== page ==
House of Cats

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Hey, eager readers! So this week we have split into production teams and have started brainstorming themes for our investigative feature stories.

Personally, I am really interested in the politics of online spaces. I make frequent use of platforms which I’m aware do a great job of appearing a-political whilst using my involvement to consolidate their own power.

Techno-cute‘ was coined by anthropologist Brian McVeigh as the phenomenon of making digital technologies appear overly friendly in order to disguise their inherent coldness, and I would argue, their existence as hegemonic sites.

How Search Works?

Google Search actually runs on cute, innocuous scribbles.

As someone who uses social platforms to get involved with local activism, I am also interested in the flip-side of the story: that these interfaces are so goddamn adorable, and popular, they are a protected resource for people who do use them to organise politically. Similarly, with a name like ‘Cute Cat Theory,’ how could I not want to find out more?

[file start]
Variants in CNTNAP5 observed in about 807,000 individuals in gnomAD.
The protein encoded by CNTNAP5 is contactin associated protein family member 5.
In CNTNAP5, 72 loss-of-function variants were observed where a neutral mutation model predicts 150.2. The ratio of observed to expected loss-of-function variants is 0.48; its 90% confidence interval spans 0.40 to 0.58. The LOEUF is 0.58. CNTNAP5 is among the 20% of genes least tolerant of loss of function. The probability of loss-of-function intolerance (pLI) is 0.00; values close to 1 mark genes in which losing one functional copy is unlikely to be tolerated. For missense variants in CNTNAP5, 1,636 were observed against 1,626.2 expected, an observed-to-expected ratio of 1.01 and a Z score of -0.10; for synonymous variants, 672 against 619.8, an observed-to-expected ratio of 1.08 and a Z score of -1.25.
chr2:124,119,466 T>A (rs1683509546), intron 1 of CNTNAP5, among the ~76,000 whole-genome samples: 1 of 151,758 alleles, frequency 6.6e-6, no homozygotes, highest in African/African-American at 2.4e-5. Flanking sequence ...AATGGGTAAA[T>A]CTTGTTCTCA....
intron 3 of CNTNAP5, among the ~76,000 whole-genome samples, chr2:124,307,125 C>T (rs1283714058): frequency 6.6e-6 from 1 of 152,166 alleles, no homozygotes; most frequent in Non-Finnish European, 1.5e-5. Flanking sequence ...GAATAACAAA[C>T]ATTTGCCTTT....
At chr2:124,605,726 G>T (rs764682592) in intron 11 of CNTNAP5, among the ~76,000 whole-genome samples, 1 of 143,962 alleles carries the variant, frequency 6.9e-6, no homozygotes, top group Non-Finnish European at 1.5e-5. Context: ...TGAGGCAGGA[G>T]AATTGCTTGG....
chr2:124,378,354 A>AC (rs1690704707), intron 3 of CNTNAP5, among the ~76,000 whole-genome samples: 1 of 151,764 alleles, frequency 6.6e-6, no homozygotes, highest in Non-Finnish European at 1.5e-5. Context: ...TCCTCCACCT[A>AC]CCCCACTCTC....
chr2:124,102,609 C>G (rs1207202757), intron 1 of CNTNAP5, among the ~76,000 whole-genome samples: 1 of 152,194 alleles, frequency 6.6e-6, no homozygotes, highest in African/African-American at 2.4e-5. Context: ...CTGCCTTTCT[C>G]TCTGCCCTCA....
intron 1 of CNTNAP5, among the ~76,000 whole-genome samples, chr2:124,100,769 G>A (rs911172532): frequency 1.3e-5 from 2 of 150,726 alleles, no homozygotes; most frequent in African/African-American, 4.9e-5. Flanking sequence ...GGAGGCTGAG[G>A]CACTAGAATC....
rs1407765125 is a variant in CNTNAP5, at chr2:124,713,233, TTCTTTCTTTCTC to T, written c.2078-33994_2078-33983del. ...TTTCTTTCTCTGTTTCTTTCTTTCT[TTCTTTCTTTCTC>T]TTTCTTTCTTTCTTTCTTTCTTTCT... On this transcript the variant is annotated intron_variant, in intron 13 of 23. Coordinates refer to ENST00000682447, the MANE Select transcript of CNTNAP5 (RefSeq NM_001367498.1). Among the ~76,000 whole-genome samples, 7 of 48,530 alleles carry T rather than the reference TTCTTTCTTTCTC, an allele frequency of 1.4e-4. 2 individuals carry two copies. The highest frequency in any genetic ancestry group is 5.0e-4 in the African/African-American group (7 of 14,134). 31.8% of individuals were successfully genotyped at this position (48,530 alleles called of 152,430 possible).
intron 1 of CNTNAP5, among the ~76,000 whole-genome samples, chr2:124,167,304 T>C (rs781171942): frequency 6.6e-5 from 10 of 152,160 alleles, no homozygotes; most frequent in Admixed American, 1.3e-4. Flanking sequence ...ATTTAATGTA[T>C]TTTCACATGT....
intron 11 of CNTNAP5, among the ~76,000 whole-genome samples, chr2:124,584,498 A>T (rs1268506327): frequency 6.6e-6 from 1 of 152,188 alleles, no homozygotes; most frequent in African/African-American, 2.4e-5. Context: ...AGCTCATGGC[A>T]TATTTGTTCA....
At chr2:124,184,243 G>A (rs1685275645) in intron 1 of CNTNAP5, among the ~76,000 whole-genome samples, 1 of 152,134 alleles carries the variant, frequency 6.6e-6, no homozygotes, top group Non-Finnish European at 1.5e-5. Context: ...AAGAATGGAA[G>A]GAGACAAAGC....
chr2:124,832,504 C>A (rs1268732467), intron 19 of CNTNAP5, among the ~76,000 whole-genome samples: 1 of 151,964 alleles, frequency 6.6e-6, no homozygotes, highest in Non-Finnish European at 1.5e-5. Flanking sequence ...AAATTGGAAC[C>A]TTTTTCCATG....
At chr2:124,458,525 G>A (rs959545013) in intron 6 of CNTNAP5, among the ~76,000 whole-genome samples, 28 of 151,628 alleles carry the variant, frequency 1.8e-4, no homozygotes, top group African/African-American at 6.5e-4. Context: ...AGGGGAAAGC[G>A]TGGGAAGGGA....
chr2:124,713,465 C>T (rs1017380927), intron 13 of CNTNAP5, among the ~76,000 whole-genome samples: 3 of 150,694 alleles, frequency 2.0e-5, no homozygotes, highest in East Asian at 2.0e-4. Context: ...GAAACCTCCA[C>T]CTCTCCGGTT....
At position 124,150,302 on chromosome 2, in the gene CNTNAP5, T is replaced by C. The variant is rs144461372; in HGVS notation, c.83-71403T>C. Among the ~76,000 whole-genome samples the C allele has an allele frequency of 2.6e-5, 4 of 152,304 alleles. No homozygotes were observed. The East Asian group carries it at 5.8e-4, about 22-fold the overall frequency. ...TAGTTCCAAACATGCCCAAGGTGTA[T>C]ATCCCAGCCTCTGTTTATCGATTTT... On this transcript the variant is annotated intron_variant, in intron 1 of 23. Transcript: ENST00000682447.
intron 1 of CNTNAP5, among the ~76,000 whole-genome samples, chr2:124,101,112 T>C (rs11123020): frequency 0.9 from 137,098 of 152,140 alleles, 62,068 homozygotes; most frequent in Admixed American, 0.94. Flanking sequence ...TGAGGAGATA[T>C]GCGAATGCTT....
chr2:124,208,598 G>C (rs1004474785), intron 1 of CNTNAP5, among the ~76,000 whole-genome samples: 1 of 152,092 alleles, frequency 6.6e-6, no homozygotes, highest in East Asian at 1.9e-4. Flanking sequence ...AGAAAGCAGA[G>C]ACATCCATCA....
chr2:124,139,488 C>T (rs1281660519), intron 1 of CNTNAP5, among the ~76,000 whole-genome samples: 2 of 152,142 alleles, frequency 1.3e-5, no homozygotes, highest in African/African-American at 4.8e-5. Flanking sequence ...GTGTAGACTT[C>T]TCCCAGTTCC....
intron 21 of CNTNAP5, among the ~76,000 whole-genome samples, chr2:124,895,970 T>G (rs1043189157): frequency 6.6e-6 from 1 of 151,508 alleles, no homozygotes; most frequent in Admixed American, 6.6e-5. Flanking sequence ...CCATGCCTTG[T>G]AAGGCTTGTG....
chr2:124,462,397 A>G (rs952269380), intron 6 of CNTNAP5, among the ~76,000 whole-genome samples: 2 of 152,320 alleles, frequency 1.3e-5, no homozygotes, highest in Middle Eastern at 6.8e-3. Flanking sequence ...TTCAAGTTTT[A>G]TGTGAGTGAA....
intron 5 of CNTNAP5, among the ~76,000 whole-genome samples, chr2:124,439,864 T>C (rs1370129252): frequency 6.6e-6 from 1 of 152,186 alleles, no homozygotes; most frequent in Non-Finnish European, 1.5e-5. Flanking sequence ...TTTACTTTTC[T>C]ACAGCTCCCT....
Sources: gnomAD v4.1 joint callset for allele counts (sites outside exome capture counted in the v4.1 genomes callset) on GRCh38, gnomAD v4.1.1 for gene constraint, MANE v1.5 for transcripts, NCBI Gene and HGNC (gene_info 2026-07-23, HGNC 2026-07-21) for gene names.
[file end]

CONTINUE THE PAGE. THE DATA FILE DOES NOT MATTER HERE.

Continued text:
Maybe I could suggest an investigation in to how activists use internet fat cats, like Facebook and Google, to empower social movements, and what the risks/contradictions are for making use of such enterprises.

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